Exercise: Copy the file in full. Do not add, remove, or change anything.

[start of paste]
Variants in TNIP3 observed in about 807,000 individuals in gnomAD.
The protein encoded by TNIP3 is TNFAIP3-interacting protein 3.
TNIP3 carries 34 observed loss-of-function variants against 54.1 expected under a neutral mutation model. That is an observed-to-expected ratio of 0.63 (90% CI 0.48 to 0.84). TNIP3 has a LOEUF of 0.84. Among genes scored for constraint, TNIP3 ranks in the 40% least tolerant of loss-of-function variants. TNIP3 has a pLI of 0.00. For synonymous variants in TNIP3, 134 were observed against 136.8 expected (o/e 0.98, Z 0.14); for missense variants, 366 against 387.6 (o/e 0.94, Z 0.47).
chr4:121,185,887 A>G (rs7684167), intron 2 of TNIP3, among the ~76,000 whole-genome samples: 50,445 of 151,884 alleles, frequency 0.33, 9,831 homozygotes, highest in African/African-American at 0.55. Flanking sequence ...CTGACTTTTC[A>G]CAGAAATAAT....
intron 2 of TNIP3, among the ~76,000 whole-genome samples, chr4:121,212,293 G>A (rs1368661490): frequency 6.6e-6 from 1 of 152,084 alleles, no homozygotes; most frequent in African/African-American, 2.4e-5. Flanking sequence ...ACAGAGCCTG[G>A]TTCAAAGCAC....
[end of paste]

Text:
Variants in TNIP3 observed in about 807,000 individuals in gnomAD.
The protein encoded by TNIP3 is TNFAIP3-interacting protein 3.
TNIP3 carries 34 observed loss-of-function variants against 54.1 expected under a neutral mutation model. That is an observed-to-expected ratio of 0.63 (90% CI 0.48 to 0.84). TNIP3 has a LOEUF of 0.84. Among genes scored for constraint, TNIP3 ranks in the 40% least tolerant of loss-of-function variants. TNIP3 has a pLI of 0.00. For synonymous variants in TNIP3, 134 were observed against 136.8 expected (o/e 0.98, Z 0.14); for missense variants, 366 against 387.6 (o/e 0.94, Z 0.47).
chr4:121,185,887 A>G (rs7684167), intron 2 of TNIP3, among the ~76,000 whole-genome samples: 50,445 of 151,884 alleles, frequency 0.33, 9,831 homozygotes, highest in African/African-American at 0.55. Flanking sequence ...CTGACTTTTC[A>G]CAGAAATAAT....
intron 2 of TNIP3, among the ~76,000 whole-genome samples, chr4:121,212,293 G>A (rs1368661490): frequency 6.6e-6 from 1 of 152,084 alleles, no homozygotes; most frequent in African/African-American, 2.4e-5. Flanking sequence ...ACAGAGCCTG[G>A]TTCAAAGCAC....